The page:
The UK government is being pressured to put early years practitioners on the par with teachers in not only status but with pay also. A report has found that poor pay and the ever-increasing workload and the low status of is pushing early years staff out of the early years sector.
The National Centre for Social Research (NatCen) in collaboration with the Education Policy Institute (EPI) has found that the early years sector is struggling to keep staff
The ‘Understanding the Early Years Workforce’ report quotes findings from the National Day Nurseries Association showing that the number of nursery workers qualified to a Level 3 has dropped to crisis levels in the last four years, This is from 83% of the early years workforce to now just 52%.
The report identified three types of professionals with different motivations for working within the early years sector.
Those who started working in the early years sector and have stayed because of their passion and love for working with children.
Those who started working in childcare because it was convenient but have stayed because they have grown to love early years education.
Those who have started and stay within the early years sector out of convenience.
The research has highlighted that the ‘relatively low pay in early years compared to other graduate professions also meant there was a limited pool of qualified candidates that wanted to join the workforce’.
Managers have had “mixed views” on the government policy of trying to attract more graduates into the early years industry according to the research.
‘They can’t pay graduates a graduate wage’
‘They’re trying to make the job more appealing, so they’ve opened it up to graduates which is a brilliant idea, but in practicality, they have not got the money. They can’t pay graduates a graduate wage,’ said a nursery manager in the report.
The report proposed that the pay of early years professionals pay to match that of primary teachers. The report also revealed that nearly 45% of early years practitioners are reliant on government benefits or tax credits.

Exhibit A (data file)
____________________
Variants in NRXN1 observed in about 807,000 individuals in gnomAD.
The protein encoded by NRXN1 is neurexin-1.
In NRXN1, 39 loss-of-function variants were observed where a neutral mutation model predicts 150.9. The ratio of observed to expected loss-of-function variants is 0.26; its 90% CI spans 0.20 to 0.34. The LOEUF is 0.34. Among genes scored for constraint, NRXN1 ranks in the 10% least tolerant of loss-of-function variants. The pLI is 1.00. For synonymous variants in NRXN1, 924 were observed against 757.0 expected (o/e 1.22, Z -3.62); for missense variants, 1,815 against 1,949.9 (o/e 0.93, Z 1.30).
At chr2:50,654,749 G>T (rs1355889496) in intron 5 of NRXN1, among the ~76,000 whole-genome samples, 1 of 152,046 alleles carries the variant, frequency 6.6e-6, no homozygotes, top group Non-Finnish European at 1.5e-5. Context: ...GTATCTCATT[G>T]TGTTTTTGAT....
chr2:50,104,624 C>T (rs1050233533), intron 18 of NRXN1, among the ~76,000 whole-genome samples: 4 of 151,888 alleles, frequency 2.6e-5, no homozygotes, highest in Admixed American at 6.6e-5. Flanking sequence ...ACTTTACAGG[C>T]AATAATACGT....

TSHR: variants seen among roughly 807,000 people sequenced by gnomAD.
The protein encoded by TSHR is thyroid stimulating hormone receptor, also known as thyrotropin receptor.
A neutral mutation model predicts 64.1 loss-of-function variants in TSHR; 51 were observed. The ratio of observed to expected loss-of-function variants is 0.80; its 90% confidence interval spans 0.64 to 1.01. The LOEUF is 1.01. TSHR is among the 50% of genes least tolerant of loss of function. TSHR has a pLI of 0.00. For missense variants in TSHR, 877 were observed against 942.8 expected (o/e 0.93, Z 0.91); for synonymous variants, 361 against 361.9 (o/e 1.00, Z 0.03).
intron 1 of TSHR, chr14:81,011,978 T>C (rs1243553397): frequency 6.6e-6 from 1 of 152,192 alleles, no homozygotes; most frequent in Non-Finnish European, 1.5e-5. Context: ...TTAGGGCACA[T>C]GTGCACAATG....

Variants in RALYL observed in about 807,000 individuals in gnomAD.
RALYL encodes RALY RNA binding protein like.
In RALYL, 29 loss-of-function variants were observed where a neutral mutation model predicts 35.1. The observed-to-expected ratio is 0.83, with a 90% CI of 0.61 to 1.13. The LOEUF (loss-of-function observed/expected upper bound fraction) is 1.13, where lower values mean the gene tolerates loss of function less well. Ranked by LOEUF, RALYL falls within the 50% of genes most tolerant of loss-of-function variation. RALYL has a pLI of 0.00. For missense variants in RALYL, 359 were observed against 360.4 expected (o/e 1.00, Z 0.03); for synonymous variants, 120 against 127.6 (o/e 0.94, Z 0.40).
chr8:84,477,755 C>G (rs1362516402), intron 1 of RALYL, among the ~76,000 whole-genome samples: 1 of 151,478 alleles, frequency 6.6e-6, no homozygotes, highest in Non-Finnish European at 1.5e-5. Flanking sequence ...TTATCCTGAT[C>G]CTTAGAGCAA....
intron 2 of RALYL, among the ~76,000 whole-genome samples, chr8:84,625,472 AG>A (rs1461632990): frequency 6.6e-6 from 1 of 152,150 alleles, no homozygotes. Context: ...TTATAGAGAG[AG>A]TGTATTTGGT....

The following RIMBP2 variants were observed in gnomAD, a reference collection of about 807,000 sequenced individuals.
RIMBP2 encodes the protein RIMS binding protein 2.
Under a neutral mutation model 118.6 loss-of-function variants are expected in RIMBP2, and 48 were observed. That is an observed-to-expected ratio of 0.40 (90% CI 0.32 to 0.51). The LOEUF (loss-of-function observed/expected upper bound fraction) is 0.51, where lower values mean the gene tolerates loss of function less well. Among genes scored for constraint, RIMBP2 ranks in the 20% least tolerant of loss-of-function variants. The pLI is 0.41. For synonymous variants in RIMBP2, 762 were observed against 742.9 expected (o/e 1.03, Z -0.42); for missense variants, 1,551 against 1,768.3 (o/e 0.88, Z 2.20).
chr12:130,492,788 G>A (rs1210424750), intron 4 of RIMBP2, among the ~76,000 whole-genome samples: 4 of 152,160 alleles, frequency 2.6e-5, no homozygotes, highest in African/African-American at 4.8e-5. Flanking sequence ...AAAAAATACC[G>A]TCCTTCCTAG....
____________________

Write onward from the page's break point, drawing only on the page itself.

Early years staff are concerned that people see their jobs’ easy’ and ‘unskilled’
Early years practitioners highlighted how physically and emotionally tiring their jobs were. One of the reasons was the amount of paperwork required which practitioners complained had increased over the years and added to their already heavy workload.
Practitioners in deprived areas also revealed that in addition to the amount of paperwork and the range of “parental” tasks added to their high exhaustion levels.
“You’re not just educating children, you’re teaching them how to toilet, how to speak, basic things that parents should have taught their children and it makes it difficult. Every day is, we go home tired every single day, emotionally as well.”
The main reason why early years practitioners are on low pay is that the nurseries biggest customer is the Government which does not pay enough for nurseries to deliver funded places. This lack of funding then puts a lot of childcare settings in a position where they can only afford to pay minimum wages and only offer basic training.
There is a very low early years staff retention
“Every day we hear of more and more talented, passionate practitioners choosing to leave the sector for roles with less stress and more pay. How can we continue to provide the best possible care and education to young children if we are increasingly unable to attract and retain the high-quality workforce needed to do so?”
Do you think early years practitioners should be paid the same as primary school teachers?
Do you think that paying early years practitioners more money will make them want to stay within the sector and make them happier?
If you are interested in reading the full Understanding the Early Years Workforce report then click here to download it.